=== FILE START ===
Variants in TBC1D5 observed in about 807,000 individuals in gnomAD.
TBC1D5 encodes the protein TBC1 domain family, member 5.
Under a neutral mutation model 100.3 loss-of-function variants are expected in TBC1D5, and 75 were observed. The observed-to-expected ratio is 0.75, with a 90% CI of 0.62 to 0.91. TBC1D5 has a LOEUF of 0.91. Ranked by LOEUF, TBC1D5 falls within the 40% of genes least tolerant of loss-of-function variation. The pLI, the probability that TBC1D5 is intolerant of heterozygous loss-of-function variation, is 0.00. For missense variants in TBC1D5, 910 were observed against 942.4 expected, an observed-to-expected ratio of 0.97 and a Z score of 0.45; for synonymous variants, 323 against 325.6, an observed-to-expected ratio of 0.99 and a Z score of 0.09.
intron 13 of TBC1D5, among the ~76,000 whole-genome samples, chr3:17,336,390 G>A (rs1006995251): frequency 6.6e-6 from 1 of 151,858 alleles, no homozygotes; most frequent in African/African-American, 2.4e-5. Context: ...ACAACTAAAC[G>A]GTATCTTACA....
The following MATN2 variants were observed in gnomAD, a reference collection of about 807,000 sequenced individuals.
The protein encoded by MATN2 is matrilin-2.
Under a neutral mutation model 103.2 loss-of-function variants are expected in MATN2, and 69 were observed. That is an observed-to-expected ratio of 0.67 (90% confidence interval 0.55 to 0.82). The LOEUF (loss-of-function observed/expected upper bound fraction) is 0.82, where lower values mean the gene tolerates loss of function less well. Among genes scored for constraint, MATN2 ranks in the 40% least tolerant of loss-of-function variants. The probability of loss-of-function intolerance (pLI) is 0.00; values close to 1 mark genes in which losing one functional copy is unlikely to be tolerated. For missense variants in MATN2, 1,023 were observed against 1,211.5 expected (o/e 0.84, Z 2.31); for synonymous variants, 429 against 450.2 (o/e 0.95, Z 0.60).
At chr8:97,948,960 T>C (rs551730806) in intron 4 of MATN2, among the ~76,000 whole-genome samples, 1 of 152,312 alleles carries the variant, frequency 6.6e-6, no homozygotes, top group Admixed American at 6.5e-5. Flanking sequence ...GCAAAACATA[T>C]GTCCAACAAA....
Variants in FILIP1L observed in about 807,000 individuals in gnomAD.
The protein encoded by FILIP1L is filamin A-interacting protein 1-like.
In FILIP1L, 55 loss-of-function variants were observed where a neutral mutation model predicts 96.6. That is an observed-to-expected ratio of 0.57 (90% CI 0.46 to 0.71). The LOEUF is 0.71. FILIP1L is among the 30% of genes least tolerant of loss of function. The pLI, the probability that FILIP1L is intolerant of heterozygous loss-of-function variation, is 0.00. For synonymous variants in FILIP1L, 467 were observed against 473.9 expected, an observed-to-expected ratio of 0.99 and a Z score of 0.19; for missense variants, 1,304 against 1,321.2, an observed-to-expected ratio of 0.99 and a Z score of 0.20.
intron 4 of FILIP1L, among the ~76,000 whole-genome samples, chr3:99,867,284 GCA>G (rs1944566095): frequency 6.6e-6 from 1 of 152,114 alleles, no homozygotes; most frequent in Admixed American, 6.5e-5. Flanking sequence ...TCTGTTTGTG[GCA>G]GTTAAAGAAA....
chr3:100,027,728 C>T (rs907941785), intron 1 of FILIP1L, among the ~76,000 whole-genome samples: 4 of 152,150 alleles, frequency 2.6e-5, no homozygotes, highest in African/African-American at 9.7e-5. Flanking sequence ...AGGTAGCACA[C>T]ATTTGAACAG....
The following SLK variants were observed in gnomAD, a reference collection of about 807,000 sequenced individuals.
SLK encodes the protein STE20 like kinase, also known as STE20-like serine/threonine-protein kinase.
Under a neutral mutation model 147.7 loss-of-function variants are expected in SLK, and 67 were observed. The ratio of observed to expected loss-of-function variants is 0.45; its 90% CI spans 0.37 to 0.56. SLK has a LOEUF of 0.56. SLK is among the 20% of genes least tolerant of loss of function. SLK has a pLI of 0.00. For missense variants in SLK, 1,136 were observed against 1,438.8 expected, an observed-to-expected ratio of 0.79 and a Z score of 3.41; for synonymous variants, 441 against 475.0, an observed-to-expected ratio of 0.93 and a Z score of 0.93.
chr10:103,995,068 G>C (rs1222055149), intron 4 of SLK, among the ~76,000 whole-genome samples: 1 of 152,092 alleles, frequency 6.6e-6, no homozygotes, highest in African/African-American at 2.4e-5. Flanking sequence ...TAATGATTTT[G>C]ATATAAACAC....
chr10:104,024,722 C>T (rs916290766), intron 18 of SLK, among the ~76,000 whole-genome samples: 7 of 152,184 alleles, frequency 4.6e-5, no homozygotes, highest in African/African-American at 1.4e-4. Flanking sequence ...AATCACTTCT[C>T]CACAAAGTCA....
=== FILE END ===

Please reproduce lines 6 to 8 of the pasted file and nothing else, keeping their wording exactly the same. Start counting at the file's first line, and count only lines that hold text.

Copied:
The protein encoded by MATN2 is matrilin-2.
Under a neutral mutation model 103.2 loss-of-function variants are expected in MATN2, and 69 were observed. That is an observed-to-expected ratio of 0.67 (90% confidence interval 0.55 to 0.82). The LOEUF (loss-of-function observed/expected upper bound fraction) is 0.82, where lower values mean the gene tolerates loss of function less well. Among genes scored for constraint, MATN2 ranks in the 40% least tolerant of loss-of-function variants. The probability of loss-of-function intolerance (pLI) is 0.00; values close to 1 mark genes in which losing one functional copy is unlikely to be tolerated. For missense variants in MATN2, 1,023 were observed against 1,211.5 expected (o/e 0.84, Z 2.31); for synonymous variants, 429 against 450.2 (o/e 0.95, Z 0.60).
At chr8:97,948,960 T>C (rs551730806) in intron 4 of MATN2, among the ~76,000 whole-genome samples, 1 of 152,312 alleles carries the variant, frequency 6.6e-6, no homozygotes, top group Admixed American at 6.5e-5. Flanking sequence ...GCAAAACATA[T>C]GTCCAACAAA....